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Preparing Your Book for the Editing Phase

If you’re selling a car, you are likely to wash it, clear all the junk out of the boot, and wipe down the dashboard, vacum even under the seats, and ensure you’re going to get a good price for it.   If you are selling a house, then you’ll likely fix those irritating little dripping tap and sqeaky floorboards, paint the spare room, and maybe replace the curtains in a couple of rooms, right?

Why do you do this?  It’s not only because you want to present your car or house in it’s best view, but because you know those things need doing, and so you do them, because you know there’s maybe a little more money to be made by doing so.     When it comes to getting your manuscript ready for an editor to go through it, you need to think like you’re selling your house or car.  The things you know are there that need fixing and can be taken care of by you, will translate into two things:

  1. A lower fee charged by your editor for him or her not having to take care of the obvious tasks.
  2. A little more respect from your editor for your having taken the time and made the effort to present your manuscript as ready for them to work their magic.

Why are these both so important?

If you check with your editor and /or publisher before the professional editing phase about things like use of ” or ‘ to show dialogue, UK Evs US English, various spellings of some words, how they like to treat footnotes, indexing, or references etc, you are going to save perhaps hundreds of dollars invested in their time and efforts by their not having to change simple things.   Some things you can even line up on with your editor or publisher from when you start to write.   This will also save you a lot of time to get right at the start.

Your editor needs to be able to focus on the sentence structure, the content that flows, the parts that don’t work, and the things that don’t make sense.   That’s what you use an editor for.   However, every editor I know  – and I’ve worked with quite a few now –  hates having to do simple and obvious corrections all through a manuscript – it slows down the process considerably. And can be frustrating.

Having your editor respect your efforts to get your manuscript ready for them, means they are more likely to love doing your editing, and given how much reading they have to do for a living, having them love your work just makes for a better relationship all round.   And that’s worth having don’t you think?

Your editor should be part of your team – work closely with them and you’ll find your writing improves signifiantly over time too.

 

Happy Writing…

 

 

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Publishing a Book is Like Having a Baby

For all parents who have been through that final stage of pregnancy, then the birth of a child, you know that sometimes it’s a matter of things not always going to plan right at the end.

Then finally, jubilation at the arrival of that new life, and the pain and anguish of the delivery are soon forgotten – well somewhat forgotten! 😉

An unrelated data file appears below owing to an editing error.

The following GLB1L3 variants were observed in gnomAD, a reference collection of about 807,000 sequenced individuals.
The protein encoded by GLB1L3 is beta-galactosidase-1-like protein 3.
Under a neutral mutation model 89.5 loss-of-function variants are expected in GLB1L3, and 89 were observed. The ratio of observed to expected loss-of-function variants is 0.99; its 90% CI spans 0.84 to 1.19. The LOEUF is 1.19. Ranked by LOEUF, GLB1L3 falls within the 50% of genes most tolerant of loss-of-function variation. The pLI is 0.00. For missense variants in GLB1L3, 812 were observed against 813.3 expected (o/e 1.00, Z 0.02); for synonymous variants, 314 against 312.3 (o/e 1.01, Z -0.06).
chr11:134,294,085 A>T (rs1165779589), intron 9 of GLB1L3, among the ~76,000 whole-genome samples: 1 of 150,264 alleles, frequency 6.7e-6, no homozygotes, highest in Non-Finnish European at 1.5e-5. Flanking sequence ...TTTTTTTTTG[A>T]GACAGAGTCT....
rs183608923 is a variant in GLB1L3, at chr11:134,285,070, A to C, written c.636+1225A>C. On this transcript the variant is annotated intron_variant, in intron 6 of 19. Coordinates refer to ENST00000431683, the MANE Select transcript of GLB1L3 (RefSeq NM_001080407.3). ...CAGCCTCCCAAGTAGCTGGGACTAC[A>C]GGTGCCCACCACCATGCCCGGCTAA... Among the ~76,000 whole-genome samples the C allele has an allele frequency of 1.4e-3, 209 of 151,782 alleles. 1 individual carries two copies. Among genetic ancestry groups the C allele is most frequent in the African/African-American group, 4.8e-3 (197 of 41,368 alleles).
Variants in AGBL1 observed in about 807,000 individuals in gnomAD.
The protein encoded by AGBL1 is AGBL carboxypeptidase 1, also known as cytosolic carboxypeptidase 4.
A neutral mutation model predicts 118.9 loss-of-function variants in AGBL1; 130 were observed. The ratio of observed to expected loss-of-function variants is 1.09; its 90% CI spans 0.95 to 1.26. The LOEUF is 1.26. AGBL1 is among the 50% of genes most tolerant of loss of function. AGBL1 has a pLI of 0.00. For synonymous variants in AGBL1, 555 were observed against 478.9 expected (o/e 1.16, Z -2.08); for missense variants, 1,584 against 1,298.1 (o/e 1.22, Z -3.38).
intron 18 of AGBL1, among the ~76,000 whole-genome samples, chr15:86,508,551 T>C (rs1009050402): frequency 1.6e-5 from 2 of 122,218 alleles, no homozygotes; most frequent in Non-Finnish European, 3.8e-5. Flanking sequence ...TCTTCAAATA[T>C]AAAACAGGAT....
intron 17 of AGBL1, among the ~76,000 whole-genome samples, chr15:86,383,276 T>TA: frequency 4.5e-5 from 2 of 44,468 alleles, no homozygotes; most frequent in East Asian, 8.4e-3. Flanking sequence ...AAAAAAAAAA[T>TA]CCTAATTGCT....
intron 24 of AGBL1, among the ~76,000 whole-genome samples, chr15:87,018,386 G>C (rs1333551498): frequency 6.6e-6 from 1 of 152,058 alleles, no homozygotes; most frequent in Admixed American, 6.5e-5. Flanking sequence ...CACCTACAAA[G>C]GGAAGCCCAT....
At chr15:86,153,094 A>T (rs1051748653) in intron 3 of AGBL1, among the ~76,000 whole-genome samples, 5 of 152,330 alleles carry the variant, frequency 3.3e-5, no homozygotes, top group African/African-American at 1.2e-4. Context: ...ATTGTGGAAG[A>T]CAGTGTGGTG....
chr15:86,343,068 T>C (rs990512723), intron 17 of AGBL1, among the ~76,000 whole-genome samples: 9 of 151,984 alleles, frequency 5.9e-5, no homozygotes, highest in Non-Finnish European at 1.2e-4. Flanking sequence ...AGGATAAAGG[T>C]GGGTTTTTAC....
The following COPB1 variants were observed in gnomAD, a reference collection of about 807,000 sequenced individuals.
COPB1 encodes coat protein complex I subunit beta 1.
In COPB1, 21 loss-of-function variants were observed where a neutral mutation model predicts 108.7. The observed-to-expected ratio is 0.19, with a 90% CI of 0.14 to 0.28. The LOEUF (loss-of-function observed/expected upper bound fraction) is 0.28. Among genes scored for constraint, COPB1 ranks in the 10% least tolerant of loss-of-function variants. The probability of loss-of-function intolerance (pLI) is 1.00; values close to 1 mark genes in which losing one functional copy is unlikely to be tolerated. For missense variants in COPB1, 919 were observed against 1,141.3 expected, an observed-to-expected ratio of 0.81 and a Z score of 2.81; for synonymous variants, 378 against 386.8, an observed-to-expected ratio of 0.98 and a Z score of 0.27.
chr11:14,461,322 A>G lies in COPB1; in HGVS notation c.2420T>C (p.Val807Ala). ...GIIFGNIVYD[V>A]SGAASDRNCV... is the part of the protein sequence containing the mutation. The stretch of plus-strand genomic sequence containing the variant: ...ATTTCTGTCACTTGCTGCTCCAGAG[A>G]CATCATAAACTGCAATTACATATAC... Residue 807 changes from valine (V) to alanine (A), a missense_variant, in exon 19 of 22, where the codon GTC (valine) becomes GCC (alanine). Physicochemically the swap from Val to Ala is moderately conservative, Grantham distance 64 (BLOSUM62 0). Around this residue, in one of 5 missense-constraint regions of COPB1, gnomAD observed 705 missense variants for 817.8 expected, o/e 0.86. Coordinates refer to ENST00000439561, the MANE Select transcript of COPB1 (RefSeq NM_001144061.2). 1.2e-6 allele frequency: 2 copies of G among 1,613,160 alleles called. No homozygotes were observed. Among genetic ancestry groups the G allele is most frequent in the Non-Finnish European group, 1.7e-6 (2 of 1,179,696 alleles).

It’s the same with books.   You can get right up to the wire, have everything ready to upload your book into Amazon, or send off to the printer, and then BAM!   A curve ball comes smashing through your plans and everything gets delayed.  For a few hours, days, or even a week or two.

This past week I’ve been busy with THREE books in various stages of release.  One was derailed  while uploading to Amazon Create Space because:

  • First the there were some unidentified errors that needed fixing.  And no, the editing and proofing stage is not always 100% – in face I’ve read books by some of the highest selling authors in the world that still have the odd error in them.
  • Then the page numbers for some reason kept ‘irritating the margins’ so they had to be fixed.
  • Then there were a few minor other wee things that needed attention, but were easily fixed, but still delayed the process.
  • The files were fixed but showing as still needing to be looked at, and we couldn’t figure out why.  But they seemed to come right once we just reloaded the (same) file.

And of course on CreateSpace, you have to allow for their own process of checking files before you can go further into the completion stages of uploading.

Another book – one of my own – was giving me grief at the final stage of uploading because:

  • First there was an issue with the inside cover page,
  • Then something wrong with the contents list, and finally the cover was not loading properly.   This was addressed by my asking the designer to check and resize, and he laughed and advised that it was definitely already the correct size. So back to the helpful people at Createspace, who advised that the cover was ready, which it wasn’t, and some flapping about with that debate, until suddenly it all came right.   We’re blaming technology and lack of caffiene on that one. 
  • Finally the ordering of the proof copy got stuck in the system.

Finally, one more book is so far seamlessly uploading, everything is going exactly according to plan – textbook perfect!

So you just never know exactly how the final delivery is going to end up.  

All you can do is trust the process, the helpful souls at Amazon – who by the way are brilliant when there is an issue – and that you will get there.

 

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